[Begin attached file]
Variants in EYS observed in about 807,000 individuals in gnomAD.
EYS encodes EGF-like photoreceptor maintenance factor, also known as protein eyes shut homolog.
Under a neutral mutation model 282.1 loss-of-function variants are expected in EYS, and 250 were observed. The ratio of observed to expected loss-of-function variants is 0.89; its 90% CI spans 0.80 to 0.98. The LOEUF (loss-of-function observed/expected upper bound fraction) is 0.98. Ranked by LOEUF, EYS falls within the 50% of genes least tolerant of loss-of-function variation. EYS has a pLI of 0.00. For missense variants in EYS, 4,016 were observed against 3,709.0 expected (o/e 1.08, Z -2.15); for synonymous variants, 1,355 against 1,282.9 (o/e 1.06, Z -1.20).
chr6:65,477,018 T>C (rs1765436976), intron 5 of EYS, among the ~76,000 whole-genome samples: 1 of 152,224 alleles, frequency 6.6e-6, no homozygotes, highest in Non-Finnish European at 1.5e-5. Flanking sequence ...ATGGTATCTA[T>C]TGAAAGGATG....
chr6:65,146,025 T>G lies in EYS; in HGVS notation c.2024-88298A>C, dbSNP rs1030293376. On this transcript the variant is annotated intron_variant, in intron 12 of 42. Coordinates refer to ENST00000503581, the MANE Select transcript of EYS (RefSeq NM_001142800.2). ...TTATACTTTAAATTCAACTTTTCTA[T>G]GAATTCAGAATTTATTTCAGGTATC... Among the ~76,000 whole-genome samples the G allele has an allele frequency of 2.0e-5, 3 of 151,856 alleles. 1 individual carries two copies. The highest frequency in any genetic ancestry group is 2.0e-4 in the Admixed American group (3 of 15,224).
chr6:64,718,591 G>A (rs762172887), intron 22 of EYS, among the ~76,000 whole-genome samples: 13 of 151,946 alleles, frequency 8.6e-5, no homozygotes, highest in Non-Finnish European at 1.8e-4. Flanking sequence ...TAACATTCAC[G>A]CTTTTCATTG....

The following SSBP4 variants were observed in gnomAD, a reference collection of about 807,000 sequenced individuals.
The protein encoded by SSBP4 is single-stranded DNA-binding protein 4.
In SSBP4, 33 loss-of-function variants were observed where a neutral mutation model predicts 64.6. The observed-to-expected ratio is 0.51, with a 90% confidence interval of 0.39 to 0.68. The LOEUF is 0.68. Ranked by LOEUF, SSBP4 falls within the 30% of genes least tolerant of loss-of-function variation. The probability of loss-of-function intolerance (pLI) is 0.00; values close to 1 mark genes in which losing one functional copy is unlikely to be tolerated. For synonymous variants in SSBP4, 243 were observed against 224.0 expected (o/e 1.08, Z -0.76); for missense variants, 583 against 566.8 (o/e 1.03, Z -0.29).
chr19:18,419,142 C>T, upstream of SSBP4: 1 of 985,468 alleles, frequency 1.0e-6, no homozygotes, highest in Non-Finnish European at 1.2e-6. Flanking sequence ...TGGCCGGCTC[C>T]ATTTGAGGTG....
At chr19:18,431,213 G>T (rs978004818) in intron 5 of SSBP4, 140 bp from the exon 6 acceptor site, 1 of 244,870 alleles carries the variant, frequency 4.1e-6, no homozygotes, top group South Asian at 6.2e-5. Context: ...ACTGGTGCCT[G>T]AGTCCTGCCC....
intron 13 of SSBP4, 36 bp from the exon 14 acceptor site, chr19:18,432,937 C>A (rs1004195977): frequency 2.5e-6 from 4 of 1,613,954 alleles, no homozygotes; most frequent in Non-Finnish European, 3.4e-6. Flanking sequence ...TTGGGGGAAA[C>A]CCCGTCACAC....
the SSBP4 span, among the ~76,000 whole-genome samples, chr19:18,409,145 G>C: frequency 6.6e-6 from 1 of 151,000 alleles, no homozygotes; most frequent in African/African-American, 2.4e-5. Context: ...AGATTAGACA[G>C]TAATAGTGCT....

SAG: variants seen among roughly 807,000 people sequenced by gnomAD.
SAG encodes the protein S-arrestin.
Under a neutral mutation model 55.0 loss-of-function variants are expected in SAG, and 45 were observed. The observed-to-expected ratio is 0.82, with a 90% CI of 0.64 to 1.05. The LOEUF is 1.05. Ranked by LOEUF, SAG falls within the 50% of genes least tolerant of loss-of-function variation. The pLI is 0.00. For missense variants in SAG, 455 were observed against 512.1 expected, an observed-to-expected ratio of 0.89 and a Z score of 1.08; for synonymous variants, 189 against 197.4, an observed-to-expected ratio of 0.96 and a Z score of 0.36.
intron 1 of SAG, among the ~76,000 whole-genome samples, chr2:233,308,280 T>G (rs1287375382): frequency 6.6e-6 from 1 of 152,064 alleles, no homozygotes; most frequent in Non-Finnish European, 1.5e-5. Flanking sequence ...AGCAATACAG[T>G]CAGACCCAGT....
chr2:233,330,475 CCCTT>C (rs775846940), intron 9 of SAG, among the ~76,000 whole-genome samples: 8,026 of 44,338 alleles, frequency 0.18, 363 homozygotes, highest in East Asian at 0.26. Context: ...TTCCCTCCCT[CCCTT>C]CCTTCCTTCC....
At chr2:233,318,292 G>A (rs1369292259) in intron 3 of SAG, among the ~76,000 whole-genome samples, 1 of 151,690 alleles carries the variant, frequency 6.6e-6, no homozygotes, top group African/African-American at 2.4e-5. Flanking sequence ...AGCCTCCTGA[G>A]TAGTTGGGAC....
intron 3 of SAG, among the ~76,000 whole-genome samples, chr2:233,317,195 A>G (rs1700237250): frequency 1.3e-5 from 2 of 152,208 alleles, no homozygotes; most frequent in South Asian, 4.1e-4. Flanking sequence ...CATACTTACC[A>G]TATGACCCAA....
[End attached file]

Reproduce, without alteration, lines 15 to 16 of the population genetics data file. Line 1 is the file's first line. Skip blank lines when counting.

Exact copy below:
SAG encodes the protein S-arrestin.
Under a neutral mutation model 55.0 loss-of-function variants are expected in SAG, and 45 were observed. The observed-to-expected ratio is 0.82, with a 90% CI of 0.64 to 1.05. The LOEUF is 1.05. Ranked by LOEUF, SAG falls within the 50% of genes least tolerant of loss-of-function variation. The pLI is 0.00. For missense variants in SAG, 455 were observed against 512.1 expected, an observed-to-expected ratio of 0.89 and a Z score of 1.08; for synonymous variants, 189 against 197.4, an observed-to-expected ratio of 0.96 and a Z score of 0.36.